Garden Tip: Make Use of Abundance While It Lasts

A gardener must learn to recognize good opportunities when they arise.

crates of vegetables and fruit

Tom Werner / Getty Images

Have you ever heard the phrase, "Make hay while the sun shines"? If you are familiar with it, then you will understand what I mean when I talk about making use of abundance while it lasts. This is a concept central to sustainable gardening.

As a sustainability consultant, I help gardeners to create and maintain their gardens in ways that adhere to the key ethics of "people care, planet care, and fair share." One of my key tips for any gardener is to make sure that they are making full use of what is available to them—catching and storing energy for later and thinking longer term. 

One of the first steps in developing the right design and the right strategies for a site is to identify the yields that the natural environment around you can provide.

Harness Abundant Rainfall

A key thing to think about is rainfall. No matter how much precipitation there is where you live, sustainable gardeners should always make it their mission to catch and store water.

Making sure that we catch rain when it does fall can help us to ensure that there is water around—in storage vessels and in the plants and soil, during periods when it is drier, or when drought conditions prevail.

Another thing for those in cold winter areas to consider is that snowmelt can also be an abundant yield. When snowmelt is directed effectively, it can help ensure year-round productivity and ecosystem health.

So, making sure that we "make hay while the sun shines" is not just a summer activity. We should think about how we can harness and make use of abundance all year round.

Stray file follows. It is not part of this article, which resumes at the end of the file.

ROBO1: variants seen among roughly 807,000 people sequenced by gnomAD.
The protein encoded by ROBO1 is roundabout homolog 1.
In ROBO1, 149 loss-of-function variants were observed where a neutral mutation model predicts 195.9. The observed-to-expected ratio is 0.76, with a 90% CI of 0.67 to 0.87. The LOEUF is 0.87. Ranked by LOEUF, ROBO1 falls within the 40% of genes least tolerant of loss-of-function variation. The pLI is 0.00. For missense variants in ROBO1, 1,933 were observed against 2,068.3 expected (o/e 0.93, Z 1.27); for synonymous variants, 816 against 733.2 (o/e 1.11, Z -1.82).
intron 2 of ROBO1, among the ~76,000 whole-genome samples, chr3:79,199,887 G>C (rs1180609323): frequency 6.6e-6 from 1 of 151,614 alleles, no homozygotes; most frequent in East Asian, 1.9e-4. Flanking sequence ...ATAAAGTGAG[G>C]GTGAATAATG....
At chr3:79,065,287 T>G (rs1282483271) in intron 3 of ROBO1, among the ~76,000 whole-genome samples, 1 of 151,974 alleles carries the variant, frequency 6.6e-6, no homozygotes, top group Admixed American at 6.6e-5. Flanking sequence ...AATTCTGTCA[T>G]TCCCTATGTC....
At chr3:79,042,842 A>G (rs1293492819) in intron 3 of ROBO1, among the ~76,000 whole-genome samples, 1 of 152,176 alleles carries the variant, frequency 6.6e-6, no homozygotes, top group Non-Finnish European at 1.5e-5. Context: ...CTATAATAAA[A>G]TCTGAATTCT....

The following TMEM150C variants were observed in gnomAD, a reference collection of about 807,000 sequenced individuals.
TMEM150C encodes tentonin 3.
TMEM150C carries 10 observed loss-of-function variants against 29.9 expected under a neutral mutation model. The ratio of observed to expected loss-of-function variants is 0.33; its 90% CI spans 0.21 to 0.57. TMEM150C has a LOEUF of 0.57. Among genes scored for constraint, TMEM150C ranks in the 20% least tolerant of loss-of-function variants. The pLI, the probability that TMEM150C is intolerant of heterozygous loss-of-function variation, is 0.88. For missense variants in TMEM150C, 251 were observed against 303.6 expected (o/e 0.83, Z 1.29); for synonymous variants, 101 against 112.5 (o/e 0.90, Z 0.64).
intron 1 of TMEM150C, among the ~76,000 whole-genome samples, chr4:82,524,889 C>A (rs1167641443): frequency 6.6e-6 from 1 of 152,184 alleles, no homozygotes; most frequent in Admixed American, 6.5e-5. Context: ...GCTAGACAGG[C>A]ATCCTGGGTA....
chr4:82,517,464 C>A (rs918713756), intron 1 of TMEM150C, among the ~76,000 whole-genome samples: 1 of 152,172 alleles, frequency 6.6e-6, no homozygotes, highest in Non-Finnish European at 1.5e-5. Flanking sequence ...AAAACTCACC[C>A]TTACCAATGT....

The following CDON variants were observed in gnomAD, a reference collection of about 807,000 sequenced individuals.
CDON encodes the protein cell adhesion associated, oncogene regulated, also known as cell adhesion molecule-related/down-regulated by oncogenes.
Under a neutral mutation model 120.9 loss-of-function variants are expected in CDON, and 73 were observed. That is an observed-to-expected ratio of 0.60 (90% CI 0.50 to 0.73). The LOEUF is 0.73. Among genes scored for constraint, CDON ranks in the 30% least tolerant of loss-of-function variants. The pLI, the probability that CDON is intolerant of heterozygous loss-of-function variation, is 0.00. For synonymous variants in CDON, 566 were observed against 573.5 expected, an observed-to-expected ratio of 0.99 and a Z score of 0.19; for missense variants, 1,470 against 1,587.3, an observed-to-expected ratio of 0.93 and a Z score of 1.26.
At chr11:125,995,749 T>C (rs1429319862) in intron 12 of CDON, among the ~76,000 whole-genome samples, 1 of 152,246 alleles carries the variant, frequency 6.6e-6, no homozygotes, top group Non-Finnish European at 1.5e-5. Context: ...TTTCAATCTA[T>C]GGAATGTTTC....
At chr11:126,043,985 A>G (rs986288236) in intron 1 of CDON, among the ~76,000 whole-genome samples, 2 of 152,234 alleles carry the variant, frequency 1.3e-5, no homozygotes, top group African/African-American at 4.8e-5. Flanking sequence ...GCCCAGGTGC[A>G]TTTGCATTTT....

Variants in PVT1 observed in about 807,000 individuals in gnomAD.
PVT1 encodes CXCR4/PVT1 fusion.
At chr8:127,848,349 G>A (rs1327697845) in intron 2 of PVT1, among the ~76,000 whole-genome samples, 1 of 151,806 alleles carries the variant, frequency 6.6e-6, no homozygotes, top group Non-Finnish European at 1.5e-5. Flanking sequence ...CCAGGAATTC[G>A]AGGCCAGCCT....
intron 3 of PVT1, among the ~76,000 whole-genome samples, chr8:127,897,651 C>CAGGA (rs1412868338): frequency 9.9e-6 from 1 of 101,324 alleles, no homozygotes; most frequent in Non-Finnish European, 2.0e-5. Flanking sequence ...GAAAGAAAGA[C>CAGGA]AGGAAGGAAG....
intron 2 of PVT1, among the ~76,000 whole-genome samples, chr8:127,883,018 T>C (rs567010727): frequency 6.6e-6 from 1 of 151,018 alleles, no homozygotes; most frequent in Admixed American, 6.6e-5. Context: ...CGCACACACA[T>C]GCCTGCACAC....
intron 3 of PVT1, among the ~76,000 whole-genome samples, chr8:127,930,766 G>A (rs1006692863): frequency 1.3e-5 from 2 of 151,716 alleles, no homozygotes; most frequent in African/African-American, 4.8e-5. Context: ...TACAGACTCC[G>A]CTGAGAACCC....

Make Use of Your Kitchen Garden

One of the most obvious ways to make use of abundance is to ensure that we use the harvests from our food-producing gardens. It's important to:

  • Recognize and make use of secondary yields from common crops;
  • Make sure we harvest in a timely fashion, so nothing goes to waste;
  • Store our harvests correctly so that we can use them later;
  • Use preservation methods such as dehydration, freezing, and/or canning to store foods for later use.

Make Use of Wild Yields

Many home growers will focus on making the most of the crops that they have actually grown. They will often zero in on edible yields cultivated in their gardens. But it is important to remember that less managed areas can also deliver abundant yields. For example, we might:

  • Make use of fast-growing dynamic accumulator plants (including "weeds") which can be used to help maintain fertility in a garden. By gathering their organic materials during the period of active growth, we can create mulches, compost, and organic liquid plant feeds to keep our gardens growing strong;
  • Gather "wild" foods when they are abundantly produced, foraging in our own backyards and the surrounding area; 
  • Lay up "tree hays" and other fodder for livestock during the summer months. Often, marginal spaces like tree lines and hedgerows can provide food for animals, as well as for us;
  • Use weeds and other wild resources for other applications—from herbal medicine, to dye-making, to a wide range of natural crafts.

Remember, when we harvest plants, we are essentially taking advantage of energy which comes from the sun, as well as nutrients from the air and soil. 

By taking advantage not only of the yields relating to plants we have grown ourselves, but also "wild" yields, we can ensure that we return the surplus from abundant periods to the system. 

Making the Most of Our Time and Energy

One other way to make use of abundance while it lasts is to consider our own patterns of movement, our time availability, energy level, and moods. It is important for gardeners to remember that they are just as much a part of the garden ecosystem as its other elements.

When we have time and energy available, we should make sure that we use those things to the fullest. We should take advantage of those lulls in our routines, or those days where we feel most energized and productive, to achieve the things we wish to achieve in our gardens. 

By thinking about how we can make the most of tangible and intangible resources when they are available, we can ensure the health and longevity of our gardens.